McGeehan, Jayne, and Goldmann.
The subject matter of the present appeal relates to the propriety of a judgment of the Atlantic County Court, Probate Division, sustaining the validity of a will executed on August 22, 1949, by one Florence R. Fleming, the grandmother of the appellant, Richard Fleming. The testatrix died on August 12, 1950, at the age of 76 years. leaving her estate by the will in question to her son John and her daughter Mabelle, and disinherited Richard.
The validity of the will is attacked upon the three grounds: (a) that its execution was not in conformity with an essential statutory requirement; (b) that the will was the result of undue influence practiced upon the testatrix by her daughter Mabelle; and (c) that the testatrix at the time of the execution of the purported will lacked the requisite testamentary capacity.
Oddly a copy of the alleged will is not included in the appendix, but we infer from the comments of counsel concerning it in the briefs and the fact that the instrument was prepared and its execution supervised by a member of the bar that it bears the signature of the testatrix and the conventional attestation clause beneath which are the signatures of the two witnesses.
It is recognized that a complete attestation clause supplemented by proof of the signatures of the testatrix and of the subscribing witnesses carries a weighty presumption of the truth of the circumstances therein declared to have accompanied the execution of the instrument. The clause is now accepted as "a most important element of proof" and the derivative presumption is deemed impregnable unless it is devastated by "strong and convincing evidence." Bloom v. Terwilliger , 78 N.J. Eq. 221 (Prerog. 1910); In re Lazzati , 131 N.J. Eq. 54 (E. & A. 1942); In re Wherry , 131 N.J. Eq. 505 (E. & A. 1942); James v. Wendehack , 1 N.J. Super. 203 (App. Div. 1949), certif. denied 1 N.J. 603 (1949); In re Dubois , 9 N.J. Super. 280 (App. Div. 1950), certif. denied 6 N.J. 232 (1951).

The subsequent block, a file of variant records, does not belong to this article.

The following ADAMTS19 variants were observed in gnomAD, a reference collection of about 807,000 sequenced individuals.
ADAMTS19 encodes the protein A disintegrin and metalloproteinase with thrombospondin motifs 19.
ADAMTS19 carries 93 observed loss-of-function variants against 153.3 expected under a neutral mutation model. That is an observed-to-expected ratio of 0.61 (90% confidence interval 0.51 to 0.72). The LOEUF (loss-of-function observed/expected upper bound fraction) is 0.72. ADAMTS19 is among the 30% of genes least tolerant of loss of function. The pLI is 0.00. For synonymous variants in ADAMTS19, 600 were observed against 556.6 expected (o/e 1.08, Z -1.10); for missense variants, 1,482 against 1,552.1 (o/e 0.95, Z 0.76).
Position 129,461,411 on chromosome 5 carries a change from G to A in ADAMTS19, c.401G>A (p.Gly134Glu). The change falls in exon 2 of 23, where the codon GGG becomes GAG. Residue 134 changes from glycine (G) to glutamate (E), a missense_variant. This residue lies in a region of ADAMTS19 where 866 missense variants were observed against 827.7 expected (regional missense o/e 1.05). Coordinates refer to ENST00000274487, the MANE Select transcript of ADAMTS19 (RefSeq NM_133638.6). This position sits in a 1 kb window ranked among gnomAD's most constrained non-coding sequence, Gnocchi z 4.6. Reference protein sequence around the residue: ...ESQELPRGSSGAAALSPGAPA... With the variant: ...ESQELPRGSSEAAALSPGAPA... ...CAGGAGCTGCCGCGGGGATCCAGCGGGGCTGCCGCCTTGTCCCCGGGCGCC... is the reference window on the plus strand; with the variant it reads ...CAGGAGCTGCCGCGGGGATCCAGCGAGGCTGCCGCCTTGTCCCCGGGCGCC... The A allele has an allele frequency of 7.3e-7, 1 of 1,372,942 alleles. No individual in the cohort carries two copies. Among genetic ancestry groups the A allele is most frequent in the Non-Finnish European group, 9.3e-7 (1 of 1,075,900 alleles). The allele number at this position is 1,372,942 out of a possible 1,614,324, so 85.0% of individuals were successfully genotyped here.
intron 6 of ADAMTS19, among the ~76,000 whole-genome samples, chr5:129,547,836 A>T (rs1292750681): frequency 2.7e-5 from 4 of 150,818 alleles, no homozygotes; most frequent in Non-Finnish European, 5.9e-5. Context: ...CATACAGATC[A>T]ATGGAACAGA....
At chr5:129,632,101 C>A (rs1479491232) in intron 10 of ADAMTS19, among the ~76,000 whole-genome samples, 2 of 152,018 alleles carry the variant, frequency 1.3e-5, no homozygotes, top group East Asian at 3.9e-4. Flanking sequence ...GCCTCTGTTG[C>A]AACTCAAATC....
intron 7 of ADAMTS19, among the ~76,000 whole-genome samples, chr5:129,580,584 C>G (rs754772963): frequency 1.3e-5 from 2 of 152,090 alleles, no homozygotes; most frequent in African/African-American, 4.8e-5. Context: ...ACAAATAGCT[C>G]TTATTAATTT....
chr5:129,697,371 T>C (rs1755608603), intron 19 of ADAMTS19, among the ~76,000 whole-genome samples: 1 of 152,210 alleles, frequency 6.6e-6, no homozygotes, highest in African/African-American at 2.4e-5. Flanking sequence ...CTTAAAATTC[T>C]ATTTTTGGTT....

In addition to the declarations of the attestation clause the publication of the alleged will was supported by the testimony of the witness Enoch A. Higbee, Jr., and in some measure by that of the witness John Lamp, who recalled that "at the time Mrs. Fleming signed her signature" Mr. Higbee inquired of her "is this the way you want the will made out?" and she replied in the affirmative. (Italics ours.)
The facts embodied in the attestation clause (assuming it to be of the accredited type) and the testimony of the witnesses were not disproved by any countervailing evidence.
We do not discover in the transcript of the evidence that degree of proof which adequately establishes the essential elements of undue influence.
The primary and ultimate burden of proving the use of undue influence devolves upon the party who alleges it. In re Strang , 109 N.J. Eq. 523 (E. & A. 1932); In re Neuman , 133 N.J. Eq. 532 (E. & A. 1943); In re Filo , 9 N.J. Super. 146 (App. Div. 1950); In re Gotchel , 10 N.J. Super. 208 (App. Div. 1950); Stroming v. Stroming , 12 N.J. Super. 217 (App. Div. 1951); Gellert v. Livingston , 5 N.J. 65 (1950).
The mere isolated fact that a beneficiary under a
will occupied a natural position of trust and confidence to a testatrix who in the present case was her mother does not alone create a presumption of undue influence. In re Neuman, supra; Gellert v. Livingston, supra. There must be, in the case of wills, proof of some additional facts and circumstances in support of the allegation of undue influence beyond the existence of the confidential relationship and the bare opportunity to exercise such influence, in order to cast upon the accused beneficiary the burden of proving ...